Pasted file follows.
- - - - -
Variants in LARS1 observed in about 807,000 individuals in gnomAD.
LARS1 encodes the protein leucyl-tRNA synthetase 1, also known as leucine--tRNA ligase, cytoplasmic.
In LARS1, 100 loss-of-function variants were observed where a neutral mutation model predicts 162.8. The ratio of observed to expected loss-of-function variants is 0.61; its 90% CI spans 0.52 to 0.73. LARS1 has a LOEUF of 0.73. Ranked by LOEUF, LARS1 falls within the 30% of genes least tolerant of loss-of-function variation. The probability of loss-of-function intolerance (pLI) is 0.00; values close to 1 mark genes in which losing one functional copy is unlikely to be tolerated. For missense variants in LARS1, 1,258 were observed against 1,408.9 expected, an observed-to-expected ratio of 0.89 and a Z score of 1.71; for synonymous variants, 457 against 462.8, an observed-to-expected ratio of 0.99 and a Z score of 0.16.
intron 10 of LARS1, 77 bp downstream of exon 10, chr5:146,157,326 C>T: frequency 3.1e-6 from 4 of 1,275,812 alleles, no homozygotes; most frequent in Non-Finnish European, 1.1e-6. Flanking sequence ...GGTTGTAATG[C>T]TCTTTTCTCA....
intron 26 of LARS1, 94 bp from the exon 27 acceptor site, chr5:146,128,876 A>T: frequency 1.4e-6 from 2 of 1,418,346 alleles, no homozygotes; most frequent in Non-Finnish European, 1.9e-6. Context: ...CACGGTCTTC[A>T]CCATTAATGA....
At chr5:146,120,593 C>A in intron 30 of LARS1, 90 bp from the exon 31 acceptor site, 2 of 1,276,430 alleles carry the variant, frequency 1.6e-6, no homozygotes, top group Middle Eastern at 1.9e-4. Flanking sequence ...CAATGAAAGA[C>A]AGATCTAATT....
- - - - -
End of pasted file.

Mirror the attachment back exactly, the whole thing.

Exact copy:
Variants in LARS1 observed in about 807,000 individuals in gnomAD.
LARS1 encodes the protein leucyl-tRNA synthetase 1, also known as leucine--tRNA ligase, cytoplasmic.
In LARS1, 100 loss-of-function variants were observed where a neutral mutation model predicts 162.8. The ratio of observed to expected loss-of-function variants is 0.61; its 90% CI spans 0.52 to 0.73. LARS1 has a LOEUF of 0.73. Ranked by LOEUF, LARS1 falls within the 30% of genes least tolerant of loss-of-function variation. The probability of loss-of-function intolerance (pLI) is 0.00; values close to 1 mark genes in which losing one functional copy is unlikely to be tolerated. For missense variants in LARS1, 1,258 were observed against 1,408.9 expected, an observed-to-expected ratio of 0.89 and a Z score of 1.71; for synonymous variants, 457 against 462.8, an observed-to-expected ratio of 0.99 and a Z score of 0.16.
intron 10 of LARS1, 77 bp downstream of exon 10, chr5:146,157,326 C>T: frequency 3.1e-6 from 4 of 1,275,812 alleles, no homozygotes; most frequent in Non-Finnish European, 1.1e-6. Flanking sequence ...GGTTGTAATG[C>T]TCTTTTCTCA....
intron 26 of LARS1, 94 bp from the exon 27 acceptor site, chr5:146,128,876 A>T: frequency 1.4e-6 from 2 of 1,418,346 alleles, no homozygotes; most frequent in Non-Finnish European, 1.9e-6. Context: ...CACGGTCTTC[A>T]CCATTAATGA....
At chr5:146,120,593 C>A in intron 30 of LARS1, 90 bp from the exon 31 acceptor site, 2 of 1,276,430 alleles carry the variant, frequency 1.6e-6, no homozygotes, top group Middle Eastern at 1.9e-4. Flanking sequence ...CAATGAAAGA[C>A]AGATCTAATT....